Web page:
Worcester Polytech Institute This work has been published in the Teen Ink monthly print magazine.

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Worcester, MA: After the routine information forms were filled out, and a brief wait, my tour at Worcester Polytech began with the Dean of Admissions giving the tour group a description and history of the school.

His first words were, "If you are not a creative person, or a hard worker, Worcester Polytech is probably not the school for you."

As I found, he spoke the truth. WPI has a totally different grading and teaching system than most other colleges. Rather than having a traditional grading system, WPI uses an A, B, C, NR (no record) system, which means that you cannot fail; you either get an A, B, or C, or the class is not counted on your record, as if you had never taken it.

The way your grade is determined also differs from the norm. Students are not required to take a final exam. Instead, qualifying projects that show your competency in a given subject make up the bulk of your grade. This way, students use hands-on experience to show what they have learned, and are not just absorbing theory, but getting practice as well.

One option at WPI is the Co-op program, which allows students to work in businesses and corporations while still learning at school. Not only does this "put the student's foot in the door" as far as getting a job after college, but it also gives valuable work experience. Above all, students earn money which can help pay for college.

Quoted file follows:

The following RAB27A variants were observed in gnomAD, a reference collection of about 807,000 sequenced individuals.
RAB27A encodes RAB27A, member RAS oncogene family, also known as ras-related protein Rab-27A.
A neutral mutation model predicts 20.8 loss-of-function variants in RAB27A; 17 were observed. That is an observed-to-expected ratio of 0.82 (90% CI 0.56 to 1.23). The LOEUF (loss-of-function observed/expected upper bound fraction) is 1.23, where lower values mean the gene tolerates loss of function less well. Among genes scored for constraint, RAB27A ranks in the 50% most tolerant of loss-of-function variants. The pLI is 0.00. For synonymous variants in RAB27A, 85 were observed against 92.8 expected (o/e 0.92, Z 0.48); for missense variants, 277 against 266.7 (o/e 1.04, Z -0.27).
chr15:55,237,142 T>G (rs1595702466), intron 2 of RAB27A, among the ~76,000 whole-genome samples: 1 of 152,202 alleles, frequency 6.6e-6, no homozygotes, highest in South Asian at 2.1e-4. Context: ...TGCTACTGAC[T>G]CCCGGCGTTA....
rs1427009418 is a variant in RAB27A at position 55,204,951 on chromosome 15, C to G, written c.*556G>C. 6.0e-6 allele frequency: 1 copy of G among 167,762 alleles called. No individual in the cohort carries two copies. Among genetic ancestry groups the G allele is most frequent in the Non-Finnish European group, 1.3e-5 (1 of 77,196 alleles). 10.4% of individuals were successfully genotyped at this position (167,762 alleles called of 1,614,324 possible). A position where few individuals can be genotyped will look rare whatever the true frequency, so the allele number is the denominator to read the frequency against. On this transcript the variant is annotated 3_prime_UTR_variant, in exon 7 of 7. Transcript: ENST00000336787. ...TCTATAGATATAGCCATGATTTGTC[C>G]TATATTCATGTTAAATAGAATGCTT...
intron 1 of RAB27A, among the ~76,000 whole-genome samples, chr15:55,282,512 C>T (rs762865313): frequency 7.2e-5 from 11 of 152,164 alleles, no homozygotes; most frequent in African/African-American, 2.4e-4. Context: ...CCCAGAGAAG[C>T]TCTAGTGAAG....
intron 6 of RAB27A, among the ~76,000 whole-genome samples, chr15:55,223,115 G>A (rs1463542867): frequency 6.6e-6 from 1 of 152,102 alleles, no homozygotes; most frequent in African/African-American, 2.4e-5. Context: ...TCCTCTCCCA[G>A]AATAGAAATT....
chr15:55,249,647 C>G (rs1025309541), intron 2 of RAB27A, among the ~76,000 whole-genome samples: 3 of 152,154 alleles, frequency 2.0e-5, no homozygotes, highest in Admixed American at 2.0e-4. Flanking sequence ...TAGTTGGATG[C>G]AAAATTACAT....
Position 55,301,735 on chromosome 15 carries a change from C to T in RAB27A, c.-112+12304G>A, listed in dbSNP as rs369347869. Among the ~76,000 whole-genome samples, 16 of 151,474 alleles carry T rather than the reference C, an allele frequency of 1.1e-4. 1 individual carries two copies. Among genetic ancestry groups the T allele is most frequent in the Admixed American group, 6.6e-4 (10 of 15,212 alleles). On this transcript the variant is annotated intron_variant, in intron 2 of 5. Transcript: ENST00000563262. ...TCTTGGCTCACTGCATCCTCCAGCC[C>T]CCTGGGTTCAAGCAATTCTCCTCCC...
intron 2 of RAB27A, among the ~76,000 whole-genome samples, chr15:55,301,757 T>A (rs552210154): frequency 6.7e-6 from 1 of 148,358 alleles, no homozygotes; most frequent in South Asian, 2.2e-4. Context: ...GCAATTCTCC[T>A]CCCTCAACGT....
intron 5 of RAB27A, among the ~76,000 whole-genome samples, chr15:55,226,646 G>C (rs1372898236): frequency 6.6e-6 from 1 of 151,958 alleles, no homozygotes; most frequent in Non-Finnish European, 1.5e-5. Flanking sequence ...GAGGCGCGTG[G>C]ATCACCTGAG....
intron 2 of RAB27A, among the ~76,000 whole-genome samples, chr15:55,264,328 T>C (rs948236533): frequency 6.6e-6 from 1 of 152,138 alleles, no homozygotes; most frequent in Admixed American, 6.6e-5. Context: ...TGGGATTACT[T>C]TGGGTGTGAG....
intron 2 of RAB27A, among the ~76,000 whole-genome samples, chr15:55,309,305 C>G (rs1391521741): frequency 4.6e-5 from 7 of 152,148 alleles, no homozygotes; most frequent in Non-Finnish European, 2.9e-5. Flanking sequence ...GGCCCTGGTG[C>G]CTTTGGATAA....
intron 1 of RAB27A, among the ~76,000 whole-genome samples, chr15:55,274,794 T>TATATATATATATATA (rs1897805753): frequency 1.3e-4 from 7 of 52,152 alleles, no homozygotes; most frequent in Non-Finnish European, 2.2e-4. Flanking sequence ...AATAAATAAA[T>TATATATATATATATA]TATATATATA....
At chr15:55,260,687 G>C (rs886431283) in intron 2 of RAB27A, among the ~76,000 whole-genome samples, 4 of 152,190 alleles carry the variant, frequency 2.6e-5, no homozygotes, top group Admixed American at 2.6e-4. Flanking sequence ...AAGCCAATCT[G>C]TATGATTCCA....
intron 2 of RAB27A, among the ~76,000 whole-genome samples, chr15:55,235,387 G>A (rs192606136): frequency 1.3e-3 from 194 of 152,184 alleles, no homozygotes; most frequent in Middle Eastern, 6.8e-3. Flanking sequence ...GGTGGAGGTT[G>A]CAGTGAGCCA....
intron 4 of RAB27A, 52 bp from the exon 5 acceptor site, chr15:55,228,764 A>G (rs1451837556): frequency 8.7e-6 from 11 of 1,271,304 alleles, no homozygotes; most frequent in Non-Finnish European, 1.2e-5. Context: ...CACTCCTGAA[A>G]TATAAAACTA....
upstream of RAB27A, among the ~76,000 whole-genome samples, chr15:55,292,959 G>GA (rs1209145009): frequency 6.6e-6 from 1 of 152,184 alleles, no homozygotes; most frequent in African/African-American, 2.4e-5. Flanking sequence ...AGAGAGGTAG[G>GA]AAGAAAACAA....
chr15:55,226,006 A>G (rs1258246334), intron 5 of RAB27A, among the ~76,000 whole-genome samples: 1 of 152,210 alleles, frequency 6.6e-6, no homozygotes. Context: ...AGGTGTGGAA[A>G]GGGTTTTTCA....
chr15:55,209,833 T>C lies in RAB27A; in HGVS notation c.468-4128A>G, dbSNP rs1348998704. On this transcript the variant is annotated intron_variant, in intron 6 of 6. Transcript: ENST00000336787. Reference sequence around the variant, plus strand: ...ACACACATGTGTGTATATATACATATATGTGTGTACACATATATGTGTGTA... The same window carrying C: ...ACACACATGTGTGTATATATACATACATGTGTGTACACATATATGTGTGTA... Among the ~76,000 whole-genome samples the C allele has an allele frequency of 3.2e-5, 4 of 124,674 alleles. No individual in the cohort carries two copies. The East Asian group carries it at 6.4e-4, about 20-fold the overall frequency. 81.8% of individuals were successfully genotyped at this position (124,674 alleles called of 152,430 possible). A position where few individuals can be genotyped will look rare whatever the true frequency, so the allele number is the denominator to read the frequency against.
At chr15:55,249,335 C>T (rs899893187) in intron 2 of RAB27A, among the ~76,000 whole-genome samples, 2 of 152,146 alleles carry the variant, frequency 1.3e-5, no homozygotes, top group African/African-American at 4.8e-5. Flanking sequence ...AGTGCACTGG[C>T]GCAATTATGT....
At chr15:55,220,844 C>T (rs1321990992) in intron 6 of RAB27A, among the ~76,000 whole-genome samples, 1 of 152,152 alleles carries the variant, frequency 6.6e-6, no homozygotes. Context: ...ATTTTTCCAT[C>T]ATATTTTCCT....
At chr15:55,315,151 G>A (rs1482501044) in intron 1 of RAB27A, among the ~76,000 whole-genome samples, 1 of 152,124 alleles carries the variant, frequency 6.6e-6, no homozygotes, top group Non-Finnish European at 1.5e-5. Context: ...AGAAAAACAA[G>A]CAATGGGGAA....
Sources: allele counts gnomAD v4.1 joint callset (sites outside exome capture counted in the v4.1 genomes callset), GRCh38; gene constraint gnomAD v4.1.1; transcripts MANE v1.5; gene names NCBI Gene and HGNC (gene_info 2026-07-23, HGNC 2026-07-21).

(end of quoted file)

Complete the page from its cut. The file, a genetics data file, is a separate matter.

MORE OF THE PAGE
All students are also required to take a multitude of humanities courses, such as art or theatre, in order to round out their education at WPI. These classes require qualifying projects as well, and can include everything from reproducing a great work of art, to writing and directing a theatre production.

After the introduction to WPI, we went on a tour of the campus. Athough quite small (62 acres) compared to other colleges, it contains everything that many of the larger schools have: an extensive library, computer "clusters" located at various locations around the campus, a full-sized gymnasium, and facilities for the many different art and science departments. The one thing I found lacking at WPI was a major Student Center, where students could relax when not in class. The tour guide did mention that the students and faculty were in the process of having one constructed, hopefully before the 1993 school year. WPI's Greek system (fraternities and sororities) is quite extensive as well.

The campus is located right outside of Worcester, a large city (second only to Boston in Massachusetts) which boasts many places to go, and things to do for the college student, including the Worcester Centrum (where numerous concerts and sports events take place), and many restaurants and places to shop.

I believe that anyone who appreciates a small campus, but wants an education that can usually only be found at the bigger schools, would enjoy going to Worcester Polytech. n




Reviewed in 1992

This work has been published in the Teen Ink monthly print magazine. This piece has been published in Teen Ink’s monthly print magazine.






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